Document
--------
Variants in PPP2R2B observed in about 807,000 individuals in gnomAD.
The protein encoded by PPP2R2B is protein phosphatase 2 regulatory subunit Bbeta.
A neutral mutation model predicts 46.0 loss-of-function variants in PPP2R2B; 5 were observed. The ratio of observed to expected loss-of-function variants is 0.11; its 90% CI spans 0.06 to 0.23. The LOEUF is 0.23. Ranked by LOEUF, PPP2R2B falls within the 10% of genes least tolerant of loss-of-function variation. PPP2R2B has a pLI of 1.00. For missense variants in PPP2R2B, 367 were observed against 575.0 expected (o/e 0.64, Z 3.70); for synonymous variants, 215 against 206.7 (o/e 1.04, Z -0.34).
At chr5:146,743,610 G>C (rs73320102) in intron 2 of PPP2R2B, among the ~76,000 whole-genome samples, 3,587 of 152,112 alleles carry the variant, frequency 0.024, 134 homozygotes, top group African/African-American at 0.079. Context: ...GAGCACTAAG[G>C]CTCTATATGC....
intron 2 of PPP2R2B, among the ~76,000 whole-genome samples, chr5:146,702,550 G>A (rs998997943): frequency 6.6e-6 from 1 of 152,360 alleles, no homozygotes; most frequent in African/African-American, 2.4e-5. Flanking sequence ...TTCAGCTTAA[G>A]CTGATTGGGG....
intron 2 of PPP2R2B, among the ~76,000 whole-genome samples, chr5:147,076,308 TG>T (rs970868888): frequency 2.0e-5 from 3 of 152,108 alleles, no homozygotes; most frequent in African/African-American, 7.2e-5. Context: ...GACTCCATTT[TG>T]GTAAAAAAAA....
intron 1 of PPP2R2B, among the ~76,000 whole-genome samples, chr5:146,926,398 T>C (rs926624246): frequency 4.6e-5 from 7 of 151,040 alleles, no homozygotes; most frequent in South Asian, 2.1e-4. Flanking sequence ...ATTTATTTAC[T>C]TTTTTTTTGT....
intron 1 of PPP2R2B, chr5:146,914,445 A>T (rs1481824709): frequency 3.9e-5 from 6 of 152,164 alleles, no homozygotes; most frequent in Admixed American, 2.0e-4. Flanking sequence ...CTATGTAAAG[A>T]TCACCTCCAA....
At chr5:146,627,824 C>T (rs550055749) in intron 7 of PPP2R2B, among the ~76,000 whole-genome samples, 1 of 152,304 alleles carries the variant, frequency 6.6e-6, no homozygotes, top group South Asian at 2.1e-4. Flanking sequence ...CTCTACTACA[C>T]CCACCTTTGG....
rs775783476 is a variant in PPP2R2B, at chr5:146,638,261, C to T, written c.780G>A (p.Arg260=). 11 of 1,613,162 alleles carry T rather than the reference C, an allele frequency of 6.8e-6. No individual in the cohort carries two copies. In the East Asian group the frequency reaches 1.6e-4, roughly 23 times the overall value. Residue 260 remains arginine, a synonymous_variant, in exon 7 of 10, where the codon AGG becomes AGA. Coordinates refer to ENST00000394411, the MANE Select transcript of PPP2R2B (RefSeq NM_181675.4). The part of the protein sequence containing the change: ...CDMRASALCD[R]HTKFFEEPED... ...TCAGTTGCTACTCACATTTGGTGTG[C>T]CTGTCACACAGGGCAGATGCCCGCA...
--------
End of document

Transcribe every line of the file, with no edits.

Variants in PPP2R2B observed in about 807,000 individuals in gnomAD.
The protein encoded by PPP2R2B is protein phosphatase 2 regulatory subunit Bbeta.
A neutral mutation model predicts 46.0 loss-of-function variants in PPP2R2B; 5 were observed. The ratio of observed to expected loss-of-function variants is 0.11; its 90% CI spans 0.06 to 0.23. The LOEUF is 0.23. Ranked by LOEUF, PPP2R2B falls within the 10% of genes least tolerant of loss-of-function variation. PPP2R2B has a pLI of 1.00. For missense variants in PPP2R2B, 367 were observed against 575.0 expected (o/e 0.64, Z 3.70); for synonymous variants, 215 against 206.7 (o/e 1.04, Z -0.34).
At chr5:146,743,610 G>C (rs73320102) in intron 2 of PPP2R2B, among the ~76,000 whole-genome samples, 3,587 of 152,112 alleles carry the variant, frequency 0.024, 134 homozygotes, top group African/African-American at 0.079. Context: ...GAGCACTAAG[G>C]CTCTATATGC....
intron 2 of PPP2R2B, among the ~76,000 whole-genome samples, chr5:146,702,550 G>A (rs998997943): frequency 6.6e-6 from 1 of 152,360 alleles, no homozygotes; most frequent in African/African-American, 2.4e-5. Flanking sequence ...TTCAGCTTAA[G>A]CTGATTGGGG....
intron 2 of PPP2R2B, among the ~76,000 whole-genome samples, chr5:147,076,308 TG>T (rs970868888): frequency 2.0e-5 from 3 of 152,108 alleles, no homozygotes; most frequent in African/African-American, 7.2e-5. Context: ...GACTCCATTT[TG>T]GTAAAAAAAA....
intron 1 of PPP2R2B, among the ~76,000 whole-genome samples, chr5:146,926,398 T>C (rs926624246): frequency 4.6e-5 from 7 of 151,040 alleles, no homozygotes; most frequent in South Asian, 2.1e-4. Flanking sequence ...ATTTATTTAC[T>C]TTTTTTTTGT....
intron 1 of PPP2R2B, chr5:146,914,445 A>T (rs1481824709): frequency 3.9e-5 from 6 of 152,164 alleles, no homozygotes; most frequent in Admixed American, 2.0e-4. Flanking sequence ...CTATGTAAAG[A>T]TCACCTCCAA....
At chr5:146,627,824 C>T (rs550055749) in intron 7 of PPP2R2B, among the ~76,000 whole-genome samples, 1 of 152,304 alleles carries the variant, frequency 6.6e-6, no homozygotes, top group South Asian at 2.1e-4. Flanking sequence ...CTCTACTACA[C>T]CCACCTTTGG....
rs775783476 is a variant in PPP2R2B, at chr5:146,638,261, C to T, written c.780G>A (p.Arg260=). 11 of 1,613,162 alleles carry T rather than the reference C, an allele frequency of 6.8e-6. No individual in the cohort carries two copies. In the East Asian group the frequency reaches 1.6e-4, roughly 23 times the overall value. Residue 260 remains arginine, a synonymous_variant, in exon 7 of 10, where the codon AGG becomes AGA. Coordinates refer to ENST00000394411, the MANE Select transcript of PPP2R2B (RefSeq NM_181675.4). The part of the protein sequence containing the change: ...CDMRASALCD[R]HTKFFEEPED... ...TCAGTTGCTACTCACATTTGGTGTG[C>T]CTGTCACACAGGGCAGATGCCCGCA...